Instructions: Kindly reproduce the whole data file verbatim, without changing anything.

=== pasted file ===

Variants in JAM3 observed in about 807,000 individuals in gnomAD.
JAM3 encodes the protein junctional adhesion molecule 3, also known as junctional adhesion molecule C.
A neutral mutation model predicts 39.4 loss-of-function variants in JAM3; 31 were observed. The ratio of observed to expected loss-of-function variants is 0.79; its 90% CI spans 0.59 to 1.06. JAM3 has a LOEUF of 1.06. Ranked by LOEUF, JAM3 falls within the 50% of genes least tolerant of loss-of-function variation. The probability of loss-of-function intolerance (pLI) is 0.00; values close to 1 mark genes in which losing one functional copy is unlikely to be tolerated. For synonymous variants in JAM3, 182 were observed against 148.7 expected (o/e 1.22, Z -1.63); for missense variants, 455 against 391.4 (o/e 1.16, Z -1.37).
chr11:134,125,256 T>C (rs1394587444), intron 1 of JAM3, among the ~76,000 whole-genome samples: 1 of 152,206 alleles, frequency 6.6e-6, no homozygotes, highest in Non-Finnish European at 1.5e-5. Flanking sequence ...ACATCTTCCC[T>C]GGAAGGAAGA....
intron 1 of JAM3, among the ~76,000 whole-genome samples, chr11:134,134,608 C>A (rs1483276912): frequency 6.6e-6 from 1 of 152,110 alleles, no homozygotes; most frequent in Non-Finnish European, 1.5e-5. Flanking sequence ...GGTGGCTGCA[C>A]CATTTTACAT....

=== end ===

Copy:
Variants in JAM3 observed in about 807,000 individuals in gnomAD.
JAM3 encodes the protein junctional adhesion molecule 3, also known as junctional adhesion molecule C.
A neutral mutation model predicts 39.4 loss-of-function variants in JAM3; 31 were observed. The ratio of observed to expected loss-of-function variants is 0.79; its 90% CI spans 0.59 to 1.06. JAM3 has a LOEUF of 1.06. Ranked by LOEUF, JAM3 falls within the 50% of genes least tolerant of loss-of-function variation. The probability of loss-of-function intolerance (pLI) is 0.00; values close to 1 mark genes in which losing one functional copy is unlikely to be tolerated. For synonymous variants in JAM3, 182 were observed against 148.7 expected (o/e 1.22, Z -1.63); for missense variants, 455 against 391.4 (o/e 1.16, Z -1.37).
chr11:134,125,256 T>C (rs1394587444), intron 1 of JAM3, among the ~76,000 whole-genome samples: 1 of 152,206 alleles, frequency 6.6e-6, no homozygotes, highest in Non-Finnish European at 1.5e-5. Flanking sequence ...ACATCTTCCC[T>C]GGAAGGAAGA....
intron 1 of JAM3, among the ~76,000 whole-genome samples, chr11:134,134,608 C>A (rs1483276912): frequency 6.6e-6 from 1 of 152,110 alleles, no homozygotes; most frequent in Non-Finnish European, 1.5e-5. Flanking sequence ...GGTGGCTGCA[C>A]CATTTTACAT....